Eric Birkhauser’s “open air” ZIPcycle velomobile concept was featured in a Bicycle Design post last year. He points out that the feedback received from readers in the comments (and from an earlier post) directly led to his redesign… the ZIPcycle 2.0. In order to prove the concept, Eric’s next step is to build a working prototype, and he has launched an Indiegogo campaign to raise funds needed to accomplish that goal.
The basic idea behind the ZIPcycle is to increase efficiency so that the vehicle requires less input for more output. To accomplish that, Eric’s design is (not surprisingly) “a recumbent bicycle that has been aerodynamically optimized for less exertion and higher cruising speeds.” As he further explains:
“The standard upright bicycle hits an aerodynamic wall as it approaches 20 mph. If you have ever had the experience of riding with a 20 mph tailwind, you have experienced the elimination of this wall. By shifting and streamlining the body position of the rider, and enclosing the drag causing elements of the bicycle in a fairing, this wall again can be eliminated. The modern road bicycle and rider has roughly a drag coefficient of .80, the ZIPcycle effectively drops the coefficient to .14. This reduction in drag means that about 40% less energy is required to maintain a cruising speed of 20 mph. While the average commuting bicycle cruising speed is 12 mph, imagine easily doubling that cruising speed, while eliminating the handlebar strain and seat pressure of the conventional bicycle, and preserving the open air experiential component of the conventional bicycle. “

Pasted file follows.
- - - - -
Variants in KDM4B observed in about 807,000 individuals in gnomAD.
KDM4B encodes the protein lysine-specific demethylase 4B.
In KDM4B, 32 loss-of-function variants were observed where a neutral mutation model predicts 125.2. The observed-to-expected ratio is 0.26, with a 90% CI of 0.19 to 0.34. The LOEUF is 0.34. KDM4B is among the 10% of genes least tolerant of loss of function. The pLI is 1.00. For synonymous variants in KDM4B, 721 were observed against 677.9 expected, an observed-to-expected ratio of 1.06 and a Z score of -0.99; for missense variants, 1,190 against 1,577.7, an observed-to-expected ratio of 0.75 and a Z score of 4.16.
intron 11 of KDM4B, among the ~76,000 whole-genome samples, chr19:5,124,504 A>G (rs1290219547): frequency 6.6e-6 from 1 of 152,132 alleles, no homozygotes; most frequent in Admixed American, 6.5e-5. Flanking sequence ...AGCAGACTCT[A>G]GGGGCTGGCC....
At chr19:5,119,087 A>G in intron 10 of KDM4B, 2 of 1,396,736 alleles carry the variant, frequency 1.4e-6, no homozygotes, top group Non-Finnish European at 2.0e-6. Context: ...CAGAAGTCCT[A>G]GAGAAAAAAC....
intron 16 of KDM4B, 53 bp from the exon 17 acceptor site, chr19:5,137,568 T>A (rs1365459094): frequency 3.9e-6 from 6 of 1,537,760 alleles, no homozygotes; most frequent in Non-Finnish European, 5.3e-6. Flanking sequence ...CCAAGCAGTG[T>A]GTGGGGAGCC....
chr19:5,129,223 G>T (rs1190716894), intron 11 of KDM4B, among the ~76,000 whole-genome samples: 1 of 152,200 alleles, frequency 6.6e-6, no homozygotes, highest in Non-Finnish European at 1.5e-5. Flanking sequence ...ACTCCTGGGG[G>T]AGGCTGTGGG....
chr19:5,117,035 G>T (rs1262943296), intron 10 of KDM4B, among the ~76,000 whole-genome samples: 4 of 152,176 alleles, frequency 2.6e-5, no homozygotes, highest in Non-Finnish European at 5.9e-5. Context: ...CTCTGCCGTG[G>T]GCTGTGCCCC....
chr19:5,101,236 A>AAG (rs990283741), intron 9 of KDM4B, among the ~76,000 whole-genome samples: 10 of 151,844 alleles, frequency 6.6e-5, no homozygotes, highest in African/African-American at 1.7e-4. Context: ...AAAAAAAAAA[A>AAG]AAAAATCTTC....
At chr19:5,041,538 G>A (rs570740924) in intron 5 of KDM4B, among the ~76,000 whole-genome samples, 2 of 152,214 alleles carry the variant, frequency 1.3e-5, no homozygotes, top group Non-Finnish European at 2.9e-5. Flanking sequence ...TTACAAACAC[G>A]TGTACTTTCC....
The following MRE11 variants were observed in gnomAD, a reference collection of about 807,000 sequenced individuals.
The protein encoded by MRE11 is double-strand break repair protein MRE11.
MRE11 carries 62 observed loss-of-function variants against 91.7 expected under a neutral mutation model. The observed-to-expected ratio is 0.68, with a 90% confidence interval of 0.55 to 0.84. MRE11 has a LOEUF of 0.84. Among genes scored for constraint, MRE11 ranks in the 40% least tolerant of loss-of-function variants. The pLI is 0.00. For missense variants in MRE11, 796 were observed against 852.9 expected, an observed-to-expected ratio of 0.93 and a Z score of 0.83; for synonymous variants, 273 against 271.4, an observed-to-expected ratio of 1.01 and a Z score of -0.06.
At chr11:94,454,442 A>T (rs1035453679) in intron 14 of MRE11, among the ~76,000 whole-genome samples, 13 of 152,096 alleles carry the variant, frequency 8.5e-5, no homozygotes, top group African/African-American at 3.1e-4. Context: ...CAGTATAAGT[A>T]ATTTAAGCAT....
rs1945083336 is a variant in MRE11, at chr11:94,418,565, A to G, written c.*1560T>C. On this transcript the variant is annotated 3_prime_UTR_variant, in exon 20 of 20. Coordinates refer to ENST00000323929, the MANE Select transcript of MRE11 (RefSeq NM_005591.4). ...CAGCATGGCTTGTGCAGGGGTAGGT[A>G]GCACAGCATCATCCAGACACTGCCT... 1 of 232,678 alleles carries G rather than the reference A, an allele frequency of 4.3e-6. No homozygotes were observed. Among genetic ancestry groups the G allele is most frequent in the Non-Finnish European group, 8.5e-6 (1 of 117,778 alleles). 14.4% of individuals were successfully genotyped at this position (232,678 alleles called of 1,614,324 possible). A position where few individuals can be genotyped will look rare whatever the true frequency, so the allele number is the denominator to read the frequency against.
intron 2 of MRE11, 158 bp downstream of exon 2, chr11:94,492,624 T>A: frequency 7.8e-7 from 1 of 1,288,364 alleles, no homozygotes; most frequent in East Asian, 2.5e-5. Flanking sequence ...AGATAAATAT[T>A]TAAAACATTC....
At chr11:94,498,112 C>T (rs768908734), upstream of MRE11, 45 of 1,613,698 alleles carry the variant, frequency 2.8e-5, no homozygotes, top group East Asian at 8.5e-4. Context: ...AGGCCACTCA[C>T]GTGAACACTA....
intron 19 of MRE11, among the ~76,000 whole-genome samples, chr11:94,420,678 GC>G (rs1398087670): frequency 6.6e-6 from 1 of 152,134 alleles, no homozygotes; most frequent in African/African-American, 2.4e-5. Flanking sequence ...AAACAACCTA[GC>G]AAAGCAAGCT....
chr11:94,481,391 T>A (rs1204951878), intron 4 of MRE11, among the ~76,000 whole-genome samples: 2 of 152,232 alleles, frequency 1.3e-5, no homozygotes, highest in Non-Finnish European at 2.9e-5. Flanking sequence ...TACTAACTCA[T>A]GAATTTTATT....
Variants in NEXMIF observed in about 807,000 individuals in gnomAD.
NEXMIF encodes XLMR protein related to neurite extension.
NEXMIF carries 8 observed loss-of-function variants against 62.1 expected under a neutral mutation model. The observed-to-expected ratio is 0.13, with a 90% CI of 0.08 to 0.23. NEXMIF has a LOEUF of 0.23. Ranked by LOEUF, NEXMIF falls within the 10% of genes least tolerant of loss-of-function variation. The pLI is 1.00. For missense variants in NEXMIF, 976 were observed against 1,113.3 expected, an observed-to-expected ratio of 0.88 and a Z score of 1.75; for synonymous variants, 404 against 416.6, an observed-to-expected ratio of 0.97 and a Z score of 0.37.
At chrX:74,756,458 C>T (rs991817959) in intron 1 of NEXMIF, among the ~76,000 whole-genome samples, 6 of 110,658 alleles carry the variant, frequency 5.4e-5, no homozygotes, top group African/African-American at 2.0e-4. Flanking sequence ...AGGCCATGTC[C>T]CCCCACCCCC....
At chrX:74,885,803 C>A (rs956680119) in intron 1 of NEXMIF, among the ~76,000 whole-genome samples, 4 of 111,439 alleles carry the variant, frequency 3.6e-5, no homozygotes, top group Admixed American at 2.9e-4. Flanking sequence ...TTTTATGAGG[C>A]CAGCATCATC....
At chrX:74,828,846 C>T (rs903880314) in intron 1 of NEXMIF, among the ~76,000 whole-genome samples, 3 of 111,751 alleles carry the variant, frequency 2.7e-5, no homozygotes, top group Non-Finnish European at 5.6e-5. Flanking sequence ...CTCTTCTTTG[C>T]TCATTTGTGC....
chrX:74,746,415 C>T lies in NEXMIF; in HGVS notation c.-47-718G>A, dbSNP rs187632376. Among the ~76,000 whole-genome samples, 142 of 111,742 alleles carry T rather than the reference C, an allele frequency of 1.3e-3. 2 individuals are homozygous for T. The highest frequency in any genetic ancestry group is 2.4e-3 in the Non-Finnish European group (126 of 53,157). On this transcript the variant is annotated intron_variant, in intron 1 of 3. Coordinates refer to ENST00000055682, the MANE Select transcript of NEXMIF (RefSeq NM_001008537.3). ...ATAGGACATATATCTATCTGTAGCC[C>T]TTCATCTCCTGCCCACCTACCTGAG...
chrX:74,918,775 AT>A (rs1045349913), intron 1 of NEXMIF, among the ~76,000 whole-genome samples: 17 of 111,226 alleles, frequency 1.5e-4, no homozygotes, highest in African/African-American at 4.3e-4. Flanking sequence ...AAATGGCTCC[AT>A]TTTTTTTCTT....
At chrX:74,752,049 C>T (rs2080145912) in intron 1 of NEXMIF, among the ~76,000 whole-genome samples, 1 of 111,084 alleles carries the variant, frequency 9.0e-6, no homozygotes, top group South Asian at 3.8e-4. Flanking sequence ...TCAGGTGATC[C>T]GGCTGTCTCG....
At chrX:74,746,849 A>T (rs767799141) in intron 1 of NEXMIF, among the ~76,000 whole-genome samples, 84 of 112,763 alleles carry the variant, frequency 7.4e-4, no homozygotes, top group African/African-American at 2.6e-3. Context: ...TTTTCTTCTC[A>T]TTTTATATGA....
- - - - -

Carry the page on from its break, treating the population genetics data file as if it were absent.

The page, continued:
- A die stamped monocoque aluminum chassis
- Linked steering mechanism, connecting the handlebar to the steering tube and front wheel fork (a mechanism found in underseat steering recumbent bicycles)
- Hub shifting in the rear wheel to accommodate the necessary gearing range
- Lubricated bearings, gears, and chains enclosed within the chassis in an internal driveshaft beam (so you will never again get grease on your clothes)
- Hollow tail-box, accessible by tilting the ventilated seat forward, spacious enough for a medium sized bag
- Option for an in-hub motor and lithium ion battery pack to provide hill and acceleration assist functions for cyclists in hilly and mountainous regions
- Additionally, while the intent of this concept is to preserve the traditional open-air experience of the bicycle, the chassis has been designed in tandem with a fairing, and a fairing will be a future optional component of the design.
You can see a few renderings of the ZIPcycle 2.0 in this post, but I encourage you to visit Eric’s project page for more.